Italy, France, California… all countries where ‘harvest’ is synonymous with ‘autumn’. Like ‘Christmas’ is synonymous with ‘winter’. Nevertheless, the Australians celebrate Santa in their thongs on the beach instead of going skiing. You got it: in the southern hemisphere the seasons are reversed and therefore, when here it’s winter, on the other side on the equator summer is reaching its height. This is how everything goes – including the harvest.
In honour of all the people who are rolling up their sleeves in the northern vineyards to pick up the fruits of the 2015 harvest, we want to take you on a journey to discover how we get to this great moment every year. Because to realize a wine tastes good is a matter of minutes – if not seconds – just the time we need to down a glass, but this is thanks to a much longer process, which takes place mainly in the vineyard and has more to do with the capacity of man to live harmoniously with nature than with his skills to adjust some faults in the cellar. We are talking about the vine cycle – and we want to tell you about this in an unusual way: upside down.
It all starts with a cry
The vine is one of the plants more related to the history of man and like children, who are born crying, vines wake up from their winter dormancy in the same way. When at a depth of 25 cm the ground temperature reaches 10°C again, sap comes out of the pruning wounds, the biological activity of the vine resumes and water and minerals flow again through its trunk and shoots. This happens in… September-October. Cause we are following the vine cycle in the southern hemisphere. From this moment on new shoots and leaves start to grow and will do so until about February, reaching their pick in December when flowers set. The highest hazard for the new buds is spring frost. In the early stages of its cycle, the vine needs a good supply of water and nutrients, but things will change.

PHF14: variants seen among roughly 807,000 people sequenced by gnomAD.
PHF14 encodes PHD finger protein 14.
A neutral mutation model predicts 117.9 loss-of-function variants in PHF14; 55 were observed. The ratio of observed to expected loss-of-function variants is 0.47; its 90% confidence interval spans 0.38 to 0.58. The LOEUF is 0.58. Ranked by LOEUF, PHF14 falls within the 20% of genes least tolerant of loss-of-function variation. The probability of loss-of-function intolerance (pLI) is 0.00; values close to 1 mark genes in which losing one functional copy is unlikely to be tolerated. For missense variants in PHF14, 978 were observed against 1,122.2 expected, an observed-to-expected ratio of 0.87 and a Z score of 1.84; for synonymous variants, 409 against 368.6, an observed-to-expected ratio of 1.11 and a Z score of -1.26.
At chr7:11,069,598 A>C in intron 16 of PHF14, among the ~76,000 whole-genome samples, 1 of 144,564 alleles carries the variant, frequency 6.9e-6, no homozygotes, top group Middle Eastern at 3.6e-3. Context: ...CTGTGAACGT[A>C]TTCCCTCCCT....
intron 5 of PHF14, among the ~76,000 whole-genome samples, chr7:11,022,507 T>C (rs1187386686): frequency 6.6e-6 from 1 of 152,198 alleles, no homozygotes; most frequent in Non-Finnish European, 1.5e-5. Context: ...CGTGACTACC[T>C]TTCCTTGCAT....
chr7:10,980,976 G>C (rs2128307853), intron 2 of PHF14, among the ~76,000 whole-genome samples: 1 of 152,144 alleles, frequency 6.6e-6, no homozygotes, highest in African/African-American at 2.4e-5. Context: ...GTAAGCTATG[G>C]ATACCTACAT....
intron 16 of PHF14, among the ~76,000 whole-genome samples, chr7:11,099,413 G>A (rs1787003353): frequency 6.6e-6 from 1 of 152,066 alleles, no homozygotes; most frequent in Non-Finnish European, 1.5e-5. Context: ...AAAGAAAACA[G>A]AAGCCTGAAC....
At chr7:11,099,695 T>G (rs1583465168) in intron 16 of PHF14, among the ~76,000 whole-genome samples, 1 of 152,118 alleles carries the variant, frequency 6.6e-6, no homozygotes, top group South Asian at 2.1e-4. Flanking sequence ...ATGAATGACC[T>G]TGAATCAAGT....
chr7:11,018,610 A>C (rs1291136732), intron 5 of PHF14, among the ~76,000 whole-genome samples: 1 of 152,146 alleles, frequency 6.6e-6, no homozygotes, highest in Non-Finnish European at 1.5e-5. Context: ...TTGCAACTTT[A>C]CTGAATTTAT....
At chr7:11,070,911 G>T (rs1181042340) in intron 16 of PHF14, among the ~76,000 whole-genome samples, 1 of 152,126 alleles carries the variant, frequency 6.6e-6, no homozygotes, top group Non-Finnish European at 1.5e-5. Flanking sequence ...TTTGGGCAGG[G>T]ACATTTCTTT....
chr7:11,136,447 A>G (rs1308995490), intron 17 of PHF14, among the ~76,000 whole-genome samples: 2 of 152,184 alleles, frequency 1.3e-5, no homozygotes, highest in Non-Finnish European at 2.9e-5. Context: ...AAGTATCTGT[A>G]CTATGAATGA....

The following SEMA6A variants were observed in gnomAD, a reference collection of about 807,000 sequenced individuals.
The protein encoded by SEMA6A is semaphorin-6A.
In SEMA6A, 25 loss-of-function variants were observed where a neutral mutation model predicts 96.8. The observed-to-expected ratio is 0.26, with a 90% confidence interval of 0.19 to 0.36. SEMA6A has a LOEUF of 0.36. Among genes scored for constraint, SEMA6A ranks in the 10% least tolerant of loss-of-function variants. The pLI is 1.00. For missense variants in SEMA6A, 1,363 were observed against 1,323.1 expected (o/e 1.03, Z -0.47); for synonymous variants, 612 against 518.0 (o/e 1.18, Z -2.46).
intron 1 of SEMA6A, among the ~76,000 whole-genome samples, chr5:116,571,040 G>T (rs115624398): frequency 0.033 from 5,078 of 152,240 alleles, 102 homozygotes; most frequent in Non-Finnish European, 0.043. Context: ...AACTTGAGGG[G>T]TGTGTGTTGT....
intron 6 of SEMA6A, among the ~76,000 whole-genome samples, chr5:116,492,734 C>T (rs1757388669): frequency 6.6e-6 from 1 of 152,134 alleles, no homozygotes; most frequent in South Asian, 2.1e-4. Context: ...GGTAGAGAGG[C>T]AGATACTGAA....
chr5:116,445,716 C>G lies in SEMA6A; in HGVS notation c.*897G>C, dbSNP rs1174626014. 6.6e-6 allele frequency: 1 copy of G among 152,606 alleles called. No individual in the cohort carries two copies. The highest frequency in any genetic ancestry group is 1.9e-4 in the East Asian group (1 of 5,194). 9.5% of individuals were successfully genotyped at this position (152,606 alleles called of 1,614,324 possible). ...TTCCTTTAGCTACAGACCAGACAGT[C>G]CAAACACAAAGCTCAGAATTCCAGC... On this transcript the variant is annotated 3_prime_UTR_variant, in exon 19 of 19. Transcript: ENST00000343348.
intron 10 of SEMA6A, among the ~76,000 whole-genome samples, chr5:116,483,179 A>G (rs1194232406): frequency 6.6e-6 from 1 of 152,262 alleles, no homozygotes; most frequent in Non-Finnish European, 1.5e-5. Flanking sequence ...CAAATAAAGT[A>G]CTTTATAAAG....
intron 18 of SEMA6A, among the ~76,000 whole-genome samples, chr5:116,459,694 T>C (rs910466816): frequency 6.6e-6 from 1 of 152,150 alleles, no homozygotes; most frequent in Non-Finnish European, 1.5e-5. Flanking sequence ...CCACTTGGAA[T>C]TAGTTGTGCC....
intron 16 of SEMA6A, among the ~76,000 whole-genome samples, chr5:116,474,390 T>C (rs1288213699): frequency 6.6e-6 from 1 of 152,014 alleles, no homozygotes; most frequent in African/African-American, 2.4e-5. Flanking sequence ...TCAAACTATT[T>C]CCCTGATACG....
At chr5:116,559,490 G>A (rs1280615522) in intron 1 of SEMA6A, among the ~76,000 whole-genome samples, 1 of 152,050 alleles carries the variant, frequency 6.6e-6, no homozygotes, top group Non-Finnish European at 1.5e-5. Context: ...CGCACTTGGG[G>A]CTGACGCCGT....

By November-December the temperature reaches 15°C (20°C is even better) and flowering begins. Besides being a dazzling spectacle for the fortunate ones who can view it up close, this is the moment in which plenty of sunlight and a little water play in favour of a great vintage: heavy rainfalls would interfere with pollination. Each pollinated flower grows into a grape; this process is called ‘fruit set’. Depending on the grape variety and the seasonal conditions, around 25% of the flowers fail to fertilize and drop off; if the phenomenon reaches worrying proportions, it is referred to with the French term of coulure.
Towards January-February the grapes start to change colour: véraison is the sign the level of sugars inside the berries is growing to the detriment of the malic acid. The grapes are ripening, they swell gathering the water which was since then stored in the leaves and varietal flavours start to develop. The tannins ripen as well and the vine needs warmth, plenty of sunlight and a mild water stress in order to address the nutrients towards its fruits, rather than to its green parts. Summer pruning assures the leaves canopy is well open to favour the ripening of the grapes and prevent fungal diseases. Finally, shortly after véraison, green harvest takes place: it consists in cutting off the unripe bunches in order to control the final yield and share the resources available among a smaller amount of bunches – which will then be of higher quality.